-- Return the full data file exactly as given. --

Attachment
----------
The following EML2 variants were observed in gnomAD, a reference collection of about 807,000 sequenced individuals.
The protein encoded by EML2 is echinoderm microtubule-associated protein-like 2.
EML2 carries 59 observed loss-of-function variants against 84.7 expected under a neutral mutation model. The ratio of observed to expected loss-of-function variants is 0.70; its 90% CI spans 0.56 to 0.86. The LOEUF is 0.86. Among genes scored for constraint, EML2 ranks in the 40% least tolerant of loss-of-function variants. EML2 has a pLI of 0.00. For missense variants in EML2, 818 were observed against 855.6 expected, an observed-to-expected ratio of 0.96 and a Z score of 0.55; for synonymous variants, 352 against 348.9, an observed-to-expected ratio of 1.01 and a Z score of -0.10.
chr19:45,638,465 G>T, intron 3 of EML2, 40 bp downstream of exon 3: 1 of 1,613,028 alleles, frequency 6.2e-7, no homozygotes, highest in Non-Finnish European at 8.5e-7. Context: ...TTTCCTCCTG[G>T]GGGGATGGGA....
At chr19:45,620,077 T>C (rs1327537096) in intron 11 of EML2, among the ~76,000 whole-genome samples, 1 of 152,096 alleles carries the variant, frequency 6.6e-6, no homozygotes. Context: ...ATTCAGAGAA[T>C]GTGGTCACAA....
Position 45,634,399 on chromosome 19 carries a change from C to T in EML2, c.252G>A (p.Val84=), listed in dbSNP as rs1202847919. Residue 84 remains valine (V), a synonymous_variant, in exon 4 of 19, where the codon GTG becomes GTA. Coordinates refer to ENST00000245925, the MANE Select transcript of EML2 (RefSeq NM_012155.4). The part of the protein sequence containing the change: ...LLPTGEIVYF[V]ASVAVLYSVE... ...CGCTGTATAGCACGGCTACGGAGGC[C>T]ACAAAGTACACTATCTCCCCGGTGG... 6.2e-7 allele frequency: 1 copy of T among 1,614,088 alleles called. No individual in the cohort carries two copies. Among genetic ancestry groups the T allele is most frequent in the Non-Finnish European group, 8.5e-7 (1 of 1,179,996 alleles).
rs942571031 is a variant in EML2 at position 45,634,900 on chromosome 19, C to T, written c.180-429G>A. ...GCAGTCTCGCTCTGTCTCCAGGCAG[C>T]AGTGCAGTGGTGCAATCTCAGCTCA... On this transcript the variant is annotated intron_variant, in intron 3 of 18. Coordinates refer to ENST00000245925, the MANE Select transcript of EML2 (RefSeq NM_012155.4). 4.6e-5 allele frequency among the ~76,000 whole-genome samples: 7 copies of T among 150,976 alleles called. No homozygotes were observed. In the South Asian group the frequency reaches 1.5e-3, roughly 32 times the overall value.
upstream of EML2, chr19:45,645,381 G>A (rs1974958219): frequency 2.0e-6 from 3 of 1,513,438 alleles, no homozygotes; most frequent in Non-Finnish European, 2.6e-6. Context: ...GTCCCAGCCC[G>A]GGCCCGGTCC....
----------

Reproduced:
The following EML2 variants were observed in gnomAD, a reference collection of about 807,000 sequenced individuals.
The protein encoded by EML2 is echinoderm microtubule-associated protein-like 2.
EML2 carries 59 observed loss-of-function variants against 84.7 expected under a neutral mutation model. The ratio of observed to expected loss-of-function variants is 0.70; its 90% CI spans 0.56 to 0.86. The LOEUF is 0.86. Among genes scored for constraint, EML2 ranks in the 40% least tolerant of loss-of-function variants. EML2 has a pLI of 0.00. For missense variants in EML2, 818 were observed against 855.6 expected, an observed-to-expected ratio of 0.96 and a Z score of 0.55; for synonymous variants, 352 against 348.9, an observed-to-expected ratio of 1.01 and a Z score of -0.10.
chr19:45,638,465 G>T, intron 3 of EML2, 40 bp downstream of exon 3: 1 of 1,613,028 alleles, frequency 6.2e-7, no homozygotes, highest in Non-Finnish European at 8.5e-7. Context: ...TTTCCTCCTG[G>T]GGGGATGGGA....
At chr19:45,620,077 T>C (rs1327537096) in intron 11 of EML2, among the ~76,000 whole-genome samples, 1 of 152,096 alleles carries the variant, frequency 6.6e-6, no homozygotes. Context: ...ATTCAGAGAA[T>C]GTGGTCACAA....
Position 45,634,399 on chromosome 19 carries a change from C to T in EML2, c.252G>A (p.Val84=), listed in dbSNP as rs1202847919. Residue 84 remains valine (V), a synonymous_variant, in exon 4 of 19, where the codon GTG becomes GTA. Coordinates refer to ENST00000245925, the MANE Select transcript of EML2 (RefSeq NM_012155.4). The part of the protein sequence containing the change: ...LLPTGEIVYF[V]ASVAVLYSVE... ...CGCTGTATAGCACGGCTACGGAGGC[C>T]ACAAAGTACACTATCTCCCCGGTGG... 6.2e-7 allele frequency: 1 copy of T among 1,614,088 alleles called. No individual in the cohort carries two copies. Among genetic ancestry groups the T allele is most frequent in the Non-Finnish European group, 8.5e-7 (1 of 1,179,996 alleles).
rs942571031 is a variant in EML2 at position 45,634,900 on chromosome 19, C to T, written c.180-429G>A. ...GCAGTCTCGCTCTGTCTCCAGGCAG[C>T]AGTGCAGTGGTGCAATCTCAGCTCA... On this transcript the variant is annotated intron_variant, in intron 3 of 18. Coordinates refer to ENST00000245925, the MANE Select transcript of EML2 (RefSeq NM_012155.4). 4.6e-5 allele frequency among the ~76,000 whole-genome samples: 7 copies of T among 150,976 alleles called. No homozygotes were observed. In the South Asian group the frequency reaches 1.5e-3, roughly 32 times the overall value.
upstream of EML2, chr19:45,645,381 G>A (rs1974958219): frequency 2.0e-6 from 3 of 1,513,438 alleles, no homozygotes; most frequent in Non-Finnish European, 2.6e-6. Context: ...GTCCCAGCCC[G>A]GGCCCGGTCC....